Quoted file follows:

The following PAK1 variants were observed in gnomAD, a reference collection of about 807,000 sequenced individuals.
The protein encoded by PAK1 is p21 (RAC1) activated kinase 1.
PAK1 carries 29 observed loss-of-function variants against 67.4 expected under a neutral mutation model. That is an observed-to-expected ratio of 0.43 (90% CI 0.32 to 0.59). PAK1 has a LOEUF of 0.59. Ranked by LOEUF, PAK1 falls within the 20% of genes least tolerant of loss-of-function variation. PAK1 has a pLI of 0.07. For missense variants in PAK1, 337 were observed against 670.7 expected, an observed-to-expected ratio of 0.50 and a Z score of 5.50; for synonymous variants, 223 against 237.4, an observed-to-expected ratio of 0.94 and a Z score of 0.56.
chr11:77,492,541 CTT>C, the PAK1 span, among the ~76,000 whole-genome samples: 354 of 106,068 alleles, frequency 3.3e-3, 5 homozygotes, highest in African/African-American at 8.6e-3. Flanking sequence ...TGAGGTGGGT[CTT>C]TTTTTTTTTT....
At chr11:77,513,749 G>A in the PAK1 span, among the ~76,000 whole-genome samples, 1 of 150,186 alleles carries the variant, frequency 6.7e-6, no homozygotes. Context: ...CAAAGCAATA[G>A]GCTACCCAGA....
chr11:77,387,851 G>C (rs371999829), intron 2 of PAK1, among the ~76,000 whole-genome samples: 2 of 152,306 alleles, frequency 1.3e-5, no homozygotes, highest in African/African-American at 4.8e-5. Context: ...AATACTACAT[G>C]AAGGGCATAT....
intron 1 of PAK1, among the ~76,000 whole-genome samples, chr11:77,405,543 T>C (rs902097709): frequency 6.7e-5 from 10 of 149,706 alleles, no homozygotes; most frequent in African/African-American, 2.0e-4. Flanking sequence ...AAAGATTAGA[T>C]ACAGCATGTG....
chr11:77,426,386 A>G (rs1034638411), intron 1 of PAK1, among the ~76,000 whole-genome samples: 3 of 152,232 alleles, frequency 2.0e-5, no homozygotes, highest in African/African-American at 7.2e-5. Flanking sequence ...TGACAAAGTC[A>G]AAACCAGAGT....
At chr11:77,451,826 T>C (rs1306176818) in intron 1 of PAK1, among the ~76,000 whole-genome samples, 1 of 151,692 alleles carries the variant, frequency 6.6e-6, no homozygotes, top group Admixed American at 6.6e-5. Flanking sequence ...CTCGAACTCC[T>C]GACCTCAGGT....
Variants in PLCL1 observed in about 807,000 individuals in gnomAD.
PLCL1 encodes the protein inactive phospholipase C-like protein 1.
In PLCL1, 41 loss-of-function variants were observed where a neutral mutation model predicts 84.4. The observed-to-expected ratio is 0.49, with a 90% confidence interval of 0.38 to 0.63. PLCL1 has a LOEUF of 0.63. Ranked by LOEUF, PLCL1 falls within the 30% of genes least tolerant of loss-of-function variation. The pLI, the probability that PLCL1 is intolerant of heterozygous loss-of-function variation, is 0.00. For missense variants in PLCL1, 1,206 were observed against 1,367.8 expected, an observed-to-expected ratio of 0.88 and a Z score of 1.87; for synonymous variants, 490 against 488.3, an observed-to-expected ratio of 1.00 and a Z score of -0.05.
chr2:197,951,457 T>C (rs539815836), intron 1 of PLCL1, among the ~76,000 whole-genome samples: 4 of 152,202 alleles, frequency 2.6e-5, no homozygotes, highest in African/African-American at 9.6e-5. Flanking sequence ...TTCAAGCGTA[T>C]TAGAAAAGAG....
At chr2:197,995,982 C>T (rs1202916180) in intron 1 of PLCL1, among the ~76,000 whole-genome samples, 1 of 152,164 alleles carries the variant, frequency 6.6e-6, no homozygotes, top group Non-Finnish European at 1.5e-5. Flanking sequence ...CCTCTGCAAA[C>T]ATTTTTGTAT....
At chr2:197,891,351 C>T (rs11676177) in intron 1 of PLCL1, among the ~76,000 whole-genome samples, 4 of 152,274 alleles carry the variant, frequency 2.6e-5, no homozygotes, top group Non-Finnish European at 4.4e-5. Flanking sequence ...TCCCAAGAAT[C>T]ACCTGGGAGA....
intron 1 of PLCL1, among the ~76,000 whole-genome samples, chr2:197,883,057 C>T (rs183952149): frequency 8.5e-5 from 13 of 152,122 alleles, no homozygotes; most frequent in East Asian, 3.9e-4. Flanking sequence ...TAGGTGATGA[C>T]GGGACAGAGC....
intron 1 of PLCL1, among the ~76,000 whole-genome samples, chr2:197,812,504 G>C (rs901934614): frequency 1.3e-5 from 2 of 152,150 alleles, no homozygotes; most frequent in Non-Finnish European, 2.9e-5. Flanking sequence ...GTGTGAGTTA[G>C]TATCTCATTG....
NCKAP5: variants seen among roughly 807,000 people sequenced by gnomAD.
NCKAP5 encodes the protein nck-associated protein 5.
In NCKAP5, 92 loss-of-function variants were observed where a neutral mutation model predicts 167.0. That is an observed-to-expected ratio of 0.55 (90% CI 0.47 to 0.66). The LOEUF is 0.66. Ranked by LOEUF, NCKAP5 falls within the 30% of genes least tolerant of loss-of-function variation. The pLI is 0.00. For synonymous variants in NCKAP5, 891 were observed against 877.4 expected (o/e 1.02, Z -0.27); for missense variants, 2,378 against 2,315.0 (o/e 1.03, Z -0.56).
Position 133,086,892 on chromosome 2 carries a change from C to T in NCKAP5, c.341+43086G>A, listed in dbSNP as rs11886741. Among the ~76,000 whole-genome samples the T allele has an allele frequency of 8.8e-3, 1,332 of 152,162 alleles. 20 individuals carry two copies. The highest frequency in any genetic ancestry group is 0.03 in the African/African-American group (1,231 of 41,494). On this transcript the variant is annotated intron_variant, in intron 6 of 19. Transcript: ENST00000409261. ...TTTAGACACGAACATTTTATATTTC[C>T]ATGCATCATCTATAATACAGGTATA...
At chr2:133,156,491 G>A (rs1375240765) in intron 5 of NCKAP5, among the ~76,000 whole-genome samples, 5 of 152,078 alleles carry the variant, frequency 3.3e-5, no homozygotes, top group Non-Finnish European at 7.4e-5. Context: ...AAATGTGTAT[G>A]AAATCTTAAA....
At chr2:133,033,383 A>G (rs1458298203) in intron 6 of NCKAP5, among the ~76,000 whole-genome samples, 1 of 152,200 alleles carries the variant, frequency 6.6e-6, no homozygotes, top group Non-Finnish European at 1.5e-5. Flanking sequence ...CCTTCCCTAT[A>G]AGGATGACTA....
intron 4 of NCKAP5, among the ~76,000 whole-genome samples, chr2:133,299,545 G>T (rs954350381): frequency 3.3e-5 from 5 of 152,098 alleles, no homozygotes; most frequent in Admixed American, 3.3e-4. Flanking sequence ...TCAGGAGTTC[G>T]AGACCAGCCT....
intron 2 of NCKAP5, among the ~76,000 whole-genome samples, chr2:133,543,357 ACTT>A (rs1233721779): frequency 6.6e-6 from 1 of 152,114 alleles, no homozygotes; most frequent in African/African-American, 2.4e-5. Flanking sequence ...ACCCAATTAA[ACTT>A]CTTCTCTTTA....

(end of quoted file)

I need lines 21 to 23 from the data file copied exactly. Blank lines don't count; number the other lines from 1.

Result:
Position 133,086,892 on chromosome 2 carries a change from C to T in NCKAP5, c.341+43086G>A, listed in dbSNP as rs11886741. Among the ~76,000 whole-genome samples the T allele has an allele frequency of 8.8e-3, 1,332 of 152,162 alleles. 20 individuals carry two copies. The highest frequency in any genetic ancestry group is 0.03 in the African/African-American group (1,231 of 41,494). On this transcript the variant is annotated intron_variant, in intron 6 of 19. Transcript: ENST00000409261. ...TTTAGACACGAACATTTTATATTTC[C>T]ATGCATCATCTATAATACAGGTATA...
At chr2:133,156,491 G>A (rs1375240765) in intron 5 of NCKAP5, among the ~76,000 whole-genome samples, 5 of 152,078 alleles carry the variant, frequency 3.3e-5, no homozygotes, top group Non-Finnish European at 7.4e-5. Context: ...AAATGTGTAT[G>A]AAATCTTAAA....
At chr2:133,033,383 A>G (rs1458298203) in intron 6 of NCKAP5, among the ~76,000 whole-genome samples, 1 of 152,200 alleles carries the variant, frequency 6.6e-6, no homozygotes, top group Non-Finnish European at 1.5e-5. Flanking sequence ...CCTTCCCTAT[A>G]AGGATGACTA....